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Grand Hotel (1932) is a classic masterpiece and all-star epic with high-powered stars of the early 1930s. The classic MGM film was directed by Edmund Goulding who acquired the nickname "Lion Tamer" for his ability to deal with many temperamental Hollywood stars, as he did in this film. It won the Best Picture Oscar in the year of its release - its only nomination.
The physician Dr. Otternschlag (Lewis Stone), observes the true nature of the hotel: What do you do in the Grand Hotel? Eat. Sleep. Loaf around. Flirt a little. Dance a little. A hundred doors leading to one hall, and no one knows anything about the person next to them. And when you leave, someone occupies your room, lies in your bed, and that's the end.
The film is well-known for its memorable scene in the lonely and depressed dancer's hotel room, after she finds the Baron hiding in her room (trapped while on a jewel heist). Not willing to leave, the Baron confesses his love for her, during screen close ups of their profiles. [Garbo also delivered her most famous line of dialogue ever, causing her to be labeled as a reclusive]:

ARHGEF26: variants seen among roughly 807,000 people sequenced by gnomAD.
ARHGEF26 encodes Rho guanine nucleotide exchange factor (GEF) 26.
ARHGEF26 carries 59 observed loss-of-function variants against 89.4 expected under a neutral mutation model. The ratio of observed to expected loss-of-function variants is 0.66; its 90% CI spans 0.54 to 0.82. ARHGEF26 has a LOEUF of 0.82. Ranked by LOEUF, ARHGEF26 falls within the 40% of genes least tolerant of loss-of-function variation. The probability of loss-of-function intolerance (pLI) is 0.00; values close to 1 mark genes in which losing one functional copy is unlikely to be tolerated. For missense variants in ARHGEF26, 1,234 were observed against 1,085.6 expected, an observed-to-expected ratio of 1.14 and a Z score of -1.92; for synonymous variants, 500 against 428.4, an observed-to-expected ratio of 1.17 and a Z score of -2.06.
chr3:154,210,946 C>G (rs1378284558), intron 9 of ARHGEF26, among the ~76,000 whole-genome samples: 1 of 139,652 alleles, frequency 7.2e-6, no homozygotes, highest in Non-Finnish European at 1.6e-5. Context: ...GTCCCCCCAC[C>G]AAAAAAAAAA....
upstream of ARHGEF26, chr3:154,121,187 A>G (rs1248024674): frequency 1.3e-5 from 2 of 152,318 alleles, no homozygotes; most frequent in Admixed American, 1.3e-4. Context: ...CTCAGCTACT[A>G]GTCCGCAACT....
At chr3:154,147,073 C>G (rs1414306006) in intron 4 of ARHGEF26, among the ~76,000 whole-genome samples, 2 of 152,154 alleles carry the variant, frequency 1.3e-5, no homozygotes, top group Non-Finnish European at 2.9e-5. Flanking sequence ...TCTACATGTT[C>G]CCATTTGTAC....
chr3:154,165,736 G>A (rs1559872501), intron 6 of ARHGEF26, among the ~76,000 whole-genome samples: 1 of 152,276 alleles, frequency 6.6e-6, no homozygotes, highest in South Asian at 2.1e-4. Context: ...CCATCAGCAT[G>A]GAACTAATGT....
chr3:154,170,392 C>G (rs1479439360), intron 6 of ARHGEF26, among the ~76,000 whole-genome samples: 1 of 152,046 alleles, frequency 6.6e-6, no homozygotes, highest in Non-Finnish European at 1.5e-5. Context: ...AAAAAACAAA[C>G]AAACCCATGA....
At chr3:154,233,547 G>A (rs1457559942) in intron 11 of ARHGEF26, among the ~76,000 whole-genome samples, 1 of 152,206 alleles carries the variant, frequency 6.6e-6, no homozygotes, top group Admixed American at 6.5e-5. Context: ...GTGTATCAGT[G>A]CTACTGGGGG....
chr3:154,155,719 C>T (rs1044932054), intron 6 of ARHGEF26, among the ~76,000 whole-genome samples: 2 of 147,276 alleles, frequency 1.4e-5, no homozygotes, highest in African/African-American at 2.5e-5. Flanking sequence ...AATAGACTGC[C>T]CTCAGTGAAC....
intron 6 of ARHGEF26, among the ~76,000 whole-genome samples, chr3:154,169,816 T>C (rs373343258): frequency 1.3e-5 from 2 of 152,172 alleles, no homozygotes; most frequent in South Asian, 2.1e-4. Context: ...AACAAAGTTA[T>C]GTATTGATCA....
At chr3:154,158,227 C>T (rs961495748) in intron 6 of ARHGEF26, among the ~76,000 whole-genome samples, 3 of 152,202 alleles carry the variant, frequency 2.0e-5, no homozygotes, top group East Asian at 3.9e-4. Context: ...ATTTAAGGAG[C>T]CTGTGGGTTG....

Baron: You're so beautiful. It tore my heart to see you in despair like that...Please don't cry any more...I'd no idea you were so beautiful. I'd like to take you in my arms, and not let anything happen to you, ever...I've never seen anything in my life as beautiful as you are.... Grusinskaya (getting up): You must go now. Baron: I'm not going. You know I'm not going. Oh, please let me stay. Grusinskaya: But I want to be alone. Baron: That isn't true. You don't want to be alone. You were in despair just now. I can't leave you now. You, you musn't cry any more. You must forget. Let me stay just for a little while. Ah, please let me stay. Grusinskaya: For just a minute, then.
The lives of all of these guests are changed dramatically in their short stay. The timid, dying factory clerk is suddenly enlivened by luck in a gambling game and later, with plans to go to Paris and live the good life with Flaemmchen, toasting: To life! To the magnificent, dangerous, brief, brief, wonderful life...and the courage to live it! You know, Baron, I've only lived since last night, but that little while seems longer than all the time that's gone before. The final well-known lines of the film are delivered in the lobby by the doctor, who never gets messages at the desk, and hasn't noticed the multi-charactered dramas in the hotel and how lives are changed: